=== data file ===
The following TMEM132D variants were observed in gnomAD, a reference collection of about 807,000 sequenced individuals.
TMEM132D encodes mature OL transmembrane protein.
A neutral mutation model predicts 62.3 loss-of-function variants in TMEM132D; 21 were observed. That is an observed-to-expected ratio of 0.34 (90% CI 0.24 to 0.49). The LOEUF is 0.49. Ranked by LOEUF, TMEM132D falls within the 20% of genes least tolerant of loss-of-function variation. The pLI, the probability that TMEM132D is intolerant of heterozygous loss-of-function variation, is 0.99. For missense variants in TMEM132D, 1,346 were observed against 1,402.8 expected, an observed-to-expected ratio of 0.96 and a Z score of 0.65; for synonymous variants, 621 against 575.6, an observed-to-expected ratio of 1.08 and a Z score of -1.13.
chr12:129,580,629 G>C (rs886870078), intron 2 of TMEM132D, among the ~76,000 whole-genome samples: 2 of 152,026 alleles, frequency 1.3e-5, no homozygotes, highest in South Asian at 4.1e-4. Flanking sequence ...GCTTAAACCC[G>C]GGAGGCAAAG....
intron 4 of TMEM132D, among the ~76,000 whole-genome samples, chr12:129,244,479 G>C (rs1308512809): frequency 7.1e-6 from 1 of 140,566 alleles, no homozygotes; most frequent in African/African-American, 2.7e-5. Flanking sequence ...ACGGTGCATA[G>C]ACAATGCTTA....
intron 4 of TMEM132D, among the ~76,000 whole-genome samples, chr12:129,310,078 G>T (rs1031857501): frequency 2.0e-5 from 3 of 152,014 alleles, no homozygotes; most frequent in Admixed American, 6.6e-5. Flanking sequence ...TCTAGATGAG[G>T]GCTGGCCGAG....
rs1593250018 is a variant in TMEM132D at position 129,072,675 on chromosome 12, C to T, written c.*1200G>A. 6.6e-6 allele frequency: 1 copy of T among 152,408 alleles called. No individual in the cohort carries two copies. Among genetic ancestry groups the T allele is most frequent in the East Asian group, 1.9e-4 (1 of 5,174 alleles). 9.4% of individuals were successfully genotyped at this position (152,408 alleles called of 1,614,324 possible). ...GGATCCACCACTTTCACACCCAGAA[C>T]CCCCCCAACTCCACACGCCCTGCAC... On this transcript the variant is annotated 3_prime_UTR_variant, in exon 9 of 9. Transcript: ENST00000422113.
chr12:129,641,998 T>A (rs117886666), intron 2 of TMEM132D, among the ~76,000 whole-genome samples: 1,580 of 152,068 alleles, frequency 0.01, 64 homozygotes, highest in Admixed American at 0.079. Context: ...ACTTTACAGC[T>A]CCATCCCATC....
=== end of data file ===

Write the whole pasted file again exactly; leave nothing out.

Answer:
The following TMEM132D variants were observed in gnomAD, a reference collection of about 807,000 sequenced individuals.
TMEM132D encodes mature OL transmembrane protein.
A neutral mutation model predicts 62.3 loss-of-function variants in TMEM132D; 21 were observed. That is an observed-to-expected ratio of 0.34 (90% CI 0.24 to 0.49). The LOEUF is 0.49. Ranked by LOEUF, TMEM132D falls within the 20% of genes least tolerant of loss-of-function variation. The pLI, the probability that TMEM132D is intolerant of heterozygous loss-of-function variation, is 0.99. For missense variants in TMEM132D, 1,346 were observed against 1,402.8 expected, an observed-to-expected ratio of 0.96 and a Z score of 0.65; for synonymous variants, 621 against 575.6, an observed-to-expected ratio of 1.08 and a Z score of -1.13.
chr12:129,580,629 G>C (rs886870078), intron 2 of TMEM132D, among the ~76,000 whole-genome samples: 2 of 152,026 alleles, frequency 1.3e-5, no homozygotes, highest in South Asian at 4.1e-4. Flanking sequence ...GCTTAAACCC[G>C]GGAGGCAAAG....
intron 4 of TMEM132D, among the ~76,000 whole-genome samples, chr12:129,244,479 G>C (rs1308512809): frequency 7.1e-6 from 1 of 140,566 alleles, no homozygotes; most frequent in African/African-American, 2.7e-5. Flanking sequence ...ACGGTGCATA[G>C]ACAATGCTTA....
intron 4 of TMEM132D, among the ~76,000 whole-genome samples, chr12:129,310,078 G>T (rs1031857501): frequency 2.0e-5 from 3 of 152,014 alleles, no homozygotes; most frequent in Admixed American, 6.6e-5. Flanking sequence ...TCTAGATGAG[G>T]GCTGGCCGAG....
rs1593250018 is a variant in TMEM132D at position 129,072,675 on chromosome 12, C to T, written c.*1200G>A. 6.6e-6 allele frequency: 1 copy of T among 152,408 alleles called. No individual in the cohort carries two copies. Among genetic ancestry groups the T allele is most frequent in the East Asian group, 1.9e-4 (1 of 5,174 alleles). 9.4% of individuals were successfully genotyped at this position (152,408 alleles called of 1,614,324 possible). ...GGATCCACCACTTTCACACCCAGAA[C>T]CCCCCCAACTCCACACGCCCTGCAC... On this transcript the variant is annotated 3_prime_UTR_variant, in exon 9 of 9. Transcript: ENST00000422113.
chr12:129,641,998 T>A (rs117886666), intron 2 of TMEM132D, among the ~76,000 whole-genome samples: 1,580 of 152,068 alleles, frequency 0.01, 64 homozygotes, highest in Admixed American at 0.079. Context: ...ACTTTACAGC[T>A]CCATCCCATC....